Table 1 The characteristics of the studies included in the meta-analysis

A meta-analysis to estimate the frequency of the 30-bp deletion and XhoI-loss (LMP1 EBV) in samples from NPC patients

The estimated frequencies of the EBV LMP1 variants in the samples from the NPC patients were determined and are shown in Figure 1. Thus, the estimated pooled frequency of 30-bp del-LMP1 was 77% (95% CI: 72 to 82, P = 0.00). For the control groups of the healthy controls and pathological samples, the estimated pooled frequency of 30-bp del-LMP1 was 46% (95% CI: 33 to 58, P = 0.00) and 39% (95% CI: 31 to 47, P = 0.49) (Additional file 5), respectively, that is, both of the control group frequencies were lower than those in the samples from the NPC patients.

Figure 1
figure 1

Forest plot of the frequency of the occurrence of the two outcomes of interest in the patients with NPC. The confidence interval (CI) was 95%, and the diamond represents the pooled estimate. ID = identification of study.

For the XhoI-loss variable, the estimated pooled frequency was 82% (95% CI: 71 to 92, P = 0.00) in the NPC patients (see Figure 1). For the healthy and pathologic groups, the pooled rate was 62% (95% CI: 33 to 91, P = 0.002) and 76% (95% CI: 68 to 84, P = 0.3), respectively (Additional file 5).

The estimated pooled frequency was 79% (95% CI: 73 to 85, P = 0.00) for 30-bp del-LMP1 in the NPC patients found in Asia, which was the largest among the regions studied. The second highest frequency was observed in America, with a pooled frequency of 64% (95% CI: 35 to 93, P = 0.78). Finally, the third highest pooled frequency was 59% (95% CI: 45 to 73, P = 0.00), which was observed in Europe and North Africa. Similarly, the pooled frequency of XhoI-loss in individuals with NPC was higher for studies conducted in Asia (92%, 95% CI: 87 to 98, P = 0.00), followed by America (29%, 95% CI: 0 to 100) and by the regions from Europe and North Africa (9%, 95% CI: 0 to 44) (Additional file 6).

A meta-analysis of the association between the 30-bp del-LMP1 and XhoI-loss with NPC susceptibility

The OR, known as an association test, was calculated to assess the relationship between the LMP1 variants and NPC. Thus, there was a significant association between the 30-bp del-LMP1/XhoI-loss and NPC susceptibility (30-bp del-LMP1: OR = 2.86, 95% CI = 1.35 to 6.07, P = 0.00; XhoI-loss: OR = 8.5, 95% CI = 1.7 to 41, P = 0.00) (Figure 2). However, when we analyzed the association of the occurrence of the simultaneous outcome, that is, the co-existence of the 30-bp del-LMP1 and XhoI-loss with the susceptibility to NPC, there was not a significant association (OR = 1.09, 95% CI: 0.06 to 18.79, P = 0.002) (data not shown). However, there was significant heterogeneity, and due to this factor, the studies were analyzed in subgroups.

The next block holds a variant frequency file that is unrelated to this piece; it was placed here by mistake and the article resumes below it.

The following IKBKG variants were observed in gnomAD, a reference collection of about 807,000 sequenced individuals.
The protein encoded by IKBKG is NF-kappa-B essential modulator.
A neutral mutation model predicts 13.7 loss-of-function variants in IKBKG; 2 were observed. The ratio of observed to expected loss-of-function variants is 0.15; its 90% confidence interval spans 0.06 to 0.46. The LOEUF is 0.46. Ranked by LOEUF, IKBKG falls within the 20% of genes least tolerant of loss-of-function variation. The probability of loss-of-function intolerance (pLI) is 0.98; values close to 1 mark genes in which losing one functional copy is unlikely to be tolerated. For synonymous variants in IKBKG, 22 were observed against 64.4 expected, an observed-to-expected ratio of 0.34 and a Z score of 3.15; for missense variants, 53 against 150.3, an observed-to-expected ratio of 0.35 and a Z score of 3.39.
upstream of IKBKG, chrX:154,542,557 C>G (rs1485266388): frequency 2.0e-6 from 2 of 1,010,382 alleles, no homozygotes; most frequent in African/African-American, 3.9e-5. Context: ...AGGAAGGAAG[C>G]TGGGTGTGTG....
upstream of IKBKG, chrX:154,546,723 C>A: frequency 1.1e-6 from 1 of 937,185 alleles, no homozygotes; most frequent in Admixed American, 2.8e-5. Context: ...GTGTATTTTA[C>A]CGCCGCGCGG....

Figure 2
figure 2

Forest plot of the OR for the 30-bp del-LMP1 and XhoI-loss in NPC. The diamond represents the pooled OR and its 95% confidence intervals (CIs). ID = identification of study.

The histological subsets of the NPC and LMP1 EBV variants

According to the World Health Organization (WHO), NPC can be classified into three types according to the degree of histopathological differentiation, which include type I (keratinizing squamous cells carcinoma), type IIa (non-keratinizing, previously classified as type II), and type IIb (undifferentiated carcinoma, previously classified as type III) [65]. Therefore, when the selected studies reported this information, they were divided according to the histopathological classification to assess the association between the types of NPC and the EBV LMP1 variants. Thus, a significant association was found between the occurrence of 30-bp del-LMP1 with type III NPC (OR = 2.6, 95% CI: 1.12 to 6.03, P = 0.006) and also with type I/II NPC (OR = 2.65, 95% CI: 1.45 to 4.85, P = 0.7). Similarly, there was a significant association between type III NPC and XhoI-loss (OR = 65, 95% CI: 1.8 to 2,369, P = 0.1); likewise there was an association for types I/II NPC and XhoI-loss (OR = 13.67, 95% CI: 3.12 to 60, P = 0.3) (Additional file 7).

The association between the EBV LMP1 variants and the susceptibility to NPC by study region

A significant association between 30-bp del-LMP1 and the susceptibility to NPC was found in the studies conducted in Asia (OR = 3.47, 95% CI: 1.36 to 8.86, P = 0.00), while for the studies conducted in Europe and North Africa, there was no association (OR = 1.01, 95% CI: 0.3 to 3.4, P = 0.00) (Figure 3A). Similarly, there was a higher association between XhoI-loss and NPC susceptibility for studies conducted in Asia (OR = 12.35, 95% CI: 3.98 to 38, P = 0.27). For the studies conducted in Europe and North Africa, there was no association between XhoI-loss and NPC susceptibility because the pooled OR was 0.12 (95% CI: 0.01 to 1.17, P = 0.5) (Figure 3B).

Figure 3
figure 3

Forest plot of the odds ratio (OR) in relation to the origin from the studies for the outcome of the 30-bp del-LMP1 (A) and XhoI-loss (B) in patients with NPC. CI = confidence interval; ID = identification of study.

Sensitivity analysis and publication bias